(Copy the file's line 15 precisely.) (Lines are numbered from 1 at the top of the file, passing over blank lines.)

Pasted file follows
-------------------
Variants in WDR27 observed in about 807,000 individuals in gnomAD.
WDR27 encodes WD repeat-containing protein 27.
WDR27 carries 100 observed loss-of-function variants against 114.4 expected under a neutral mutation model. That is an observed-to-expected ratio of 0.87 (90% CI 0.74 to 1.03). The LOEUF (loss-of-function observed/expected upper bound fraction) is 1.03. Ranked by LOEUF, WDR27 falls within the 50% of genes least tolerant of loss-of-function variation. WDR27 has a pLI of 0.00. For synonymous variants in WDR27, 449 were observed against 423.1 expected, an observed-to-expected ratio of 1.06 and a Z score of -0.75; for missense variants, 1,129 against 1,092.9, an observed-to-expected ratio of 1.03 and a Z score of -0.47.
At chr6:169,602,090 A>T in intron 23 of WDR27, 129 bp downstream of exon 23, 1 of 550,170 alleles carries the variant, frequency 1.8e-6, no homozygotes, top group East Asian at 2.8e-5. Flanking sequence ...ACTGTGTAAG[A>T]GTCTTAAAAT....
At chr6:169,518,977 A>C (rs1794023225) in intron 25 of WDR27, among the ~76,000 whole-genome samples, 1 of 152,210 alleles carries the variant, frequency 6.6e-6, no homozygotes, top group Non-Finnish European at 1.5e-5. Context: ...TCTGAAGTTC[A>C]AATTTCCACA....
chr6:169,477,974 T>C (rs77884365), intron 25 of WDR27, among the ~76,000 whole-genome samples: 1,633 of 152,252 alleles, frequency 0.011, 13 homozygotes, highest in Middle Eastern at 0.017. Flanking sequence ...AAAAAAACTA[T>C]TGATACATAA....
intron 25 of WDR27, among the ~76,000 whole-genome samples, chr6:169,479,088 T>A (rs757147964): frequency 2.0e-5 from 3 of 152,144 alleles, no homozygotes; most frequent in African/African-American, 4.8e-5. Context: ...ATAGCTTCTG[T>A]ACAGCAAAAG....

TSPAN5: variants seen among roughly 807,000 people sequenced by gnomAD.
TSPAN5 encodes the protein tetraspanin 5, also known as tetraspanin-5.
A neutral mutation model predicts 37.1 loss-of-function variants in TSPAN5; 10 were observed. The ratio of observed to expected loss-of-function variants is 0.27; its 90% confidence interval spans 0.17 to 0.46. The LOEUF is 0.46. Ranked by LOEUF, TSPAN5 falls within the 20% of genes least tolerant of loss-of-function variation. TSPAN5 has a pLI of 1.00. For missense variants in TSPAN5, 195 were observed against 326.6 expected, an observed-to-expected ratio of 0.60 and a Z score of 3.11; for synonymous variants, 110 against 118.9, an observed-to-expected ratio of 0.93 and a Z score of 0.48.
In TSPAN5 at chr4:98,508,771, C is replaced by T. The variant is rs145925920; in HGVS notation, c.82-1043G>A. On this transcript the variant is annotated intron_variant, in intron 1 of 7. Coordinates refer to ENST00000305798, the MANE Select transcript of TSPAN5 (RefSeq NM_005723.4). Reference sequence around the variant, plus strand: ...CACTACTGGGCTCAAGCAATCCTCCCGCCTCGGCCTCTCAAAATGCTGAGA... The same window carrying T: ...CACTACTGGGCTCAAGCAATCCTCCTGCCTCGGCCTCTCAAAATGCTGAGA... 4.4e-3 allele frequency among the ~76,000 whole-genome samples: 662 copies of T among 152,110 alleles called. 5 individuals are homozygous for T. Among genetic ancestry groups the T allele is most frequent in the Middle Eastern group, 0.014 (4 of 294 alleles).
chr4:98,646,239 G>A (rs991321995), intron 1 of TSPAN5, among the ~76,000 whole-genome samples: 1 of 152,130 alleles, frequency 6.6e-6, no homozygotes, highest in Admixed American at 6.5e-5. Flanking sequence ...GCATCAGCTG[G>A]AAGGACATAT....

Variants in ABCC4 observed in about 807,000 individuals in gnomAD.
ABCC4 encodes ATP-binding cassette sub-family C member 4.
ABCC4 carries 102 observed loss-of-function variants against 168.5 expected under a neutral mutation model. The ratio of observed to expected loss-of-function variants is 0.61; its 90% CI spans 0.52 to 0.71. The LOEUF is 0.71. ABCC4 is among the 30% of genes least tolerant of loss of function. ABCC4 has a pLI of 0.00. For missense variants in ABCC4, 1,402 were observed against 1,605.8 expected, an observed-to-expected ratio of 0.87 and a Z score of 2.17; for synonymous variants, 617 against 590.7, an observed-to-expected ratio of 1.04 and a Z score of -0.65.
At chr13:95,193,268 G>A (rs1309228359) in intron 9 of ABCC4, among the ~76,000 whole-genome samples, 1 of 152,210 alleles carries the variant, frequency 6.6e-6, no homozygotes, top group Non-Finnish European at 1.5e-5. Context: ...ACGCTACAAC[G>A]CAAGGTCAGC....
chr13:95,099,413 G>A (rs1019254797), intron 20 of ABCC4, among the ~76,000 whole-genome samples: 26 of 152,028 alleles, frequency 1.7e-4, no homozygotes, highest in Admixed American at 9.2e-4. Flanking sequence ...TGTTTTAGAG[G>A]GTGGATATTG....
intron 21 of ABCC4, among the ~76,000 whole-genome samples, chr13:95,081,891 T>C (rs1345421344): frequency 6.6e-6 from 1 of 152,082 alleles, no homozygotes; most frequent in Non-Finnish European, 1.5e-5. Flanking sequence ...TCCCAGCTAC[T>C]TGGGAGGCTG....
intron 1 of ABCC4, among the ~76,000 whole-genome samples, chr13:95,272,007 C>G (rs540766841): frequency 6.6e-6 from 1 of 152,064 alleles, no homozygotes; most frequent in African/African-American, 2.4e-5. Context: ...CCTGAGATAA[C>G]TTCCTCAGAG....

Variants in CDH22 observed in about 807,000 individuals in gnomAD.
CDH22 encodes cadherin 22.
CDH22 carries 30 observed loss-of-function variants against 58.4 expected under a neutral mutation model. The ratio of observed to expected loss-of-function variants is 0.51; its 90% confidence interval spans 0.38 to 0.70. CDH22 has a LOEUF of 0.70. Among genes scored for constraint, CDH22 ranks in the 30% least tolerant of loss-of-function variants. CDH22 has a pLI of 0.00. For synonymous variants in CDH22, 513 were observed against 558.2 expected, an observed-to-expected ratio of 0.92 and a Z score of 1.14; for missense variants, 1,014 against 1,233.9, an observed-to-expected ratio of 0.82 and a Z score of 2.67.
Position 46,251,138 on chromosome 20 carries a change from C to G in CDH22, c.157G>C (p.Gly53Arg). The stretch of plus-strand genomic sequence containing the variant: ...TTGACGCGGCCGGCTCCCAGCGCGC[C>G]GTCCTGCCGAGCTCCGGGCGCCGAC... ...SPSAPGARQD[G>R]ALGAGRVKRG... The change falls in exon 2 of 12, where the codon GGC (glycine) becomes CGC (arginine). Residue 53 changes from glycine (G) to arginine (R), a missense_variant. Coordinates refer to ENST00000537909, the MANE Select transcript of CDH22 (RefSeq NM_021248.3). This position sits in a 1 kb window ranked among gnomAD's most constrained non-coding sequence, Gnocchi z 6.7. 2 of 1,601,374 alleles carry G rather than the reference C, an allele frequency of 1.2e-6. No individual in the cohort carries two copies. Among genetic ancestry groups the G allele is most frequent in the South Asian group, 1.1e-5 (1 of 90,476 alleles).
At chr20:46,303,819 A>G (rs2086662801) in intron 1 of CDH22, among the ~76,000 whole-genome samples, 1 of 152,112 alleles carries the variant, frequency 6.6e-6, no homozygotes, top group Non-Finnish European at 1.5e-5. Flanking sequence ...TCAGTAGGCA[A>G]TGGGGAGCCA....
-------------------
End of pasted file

ABCC4 carries 102 observed loss-of-function variants against 168.5 expected under a neutral mutation model. The ratio of observed to expected loss-of-function variants is 0.61; its 90% CI spans 0.52 to 0.71. The LOEUF is 0.71. ABCC4 is among the 30% of genes least tolerant of loss of function. ABCC4 has a pLI of 0.00. For missense variants in ABCC4, 1,402 were observed against 1,605.8 expected, an observed-to-expected ratio of 0.87 and a Z score of 2.17; for synonymous variants, 617 against 590.7, an observed-to-expected ratio of 1.04 and a Z score of -0.65.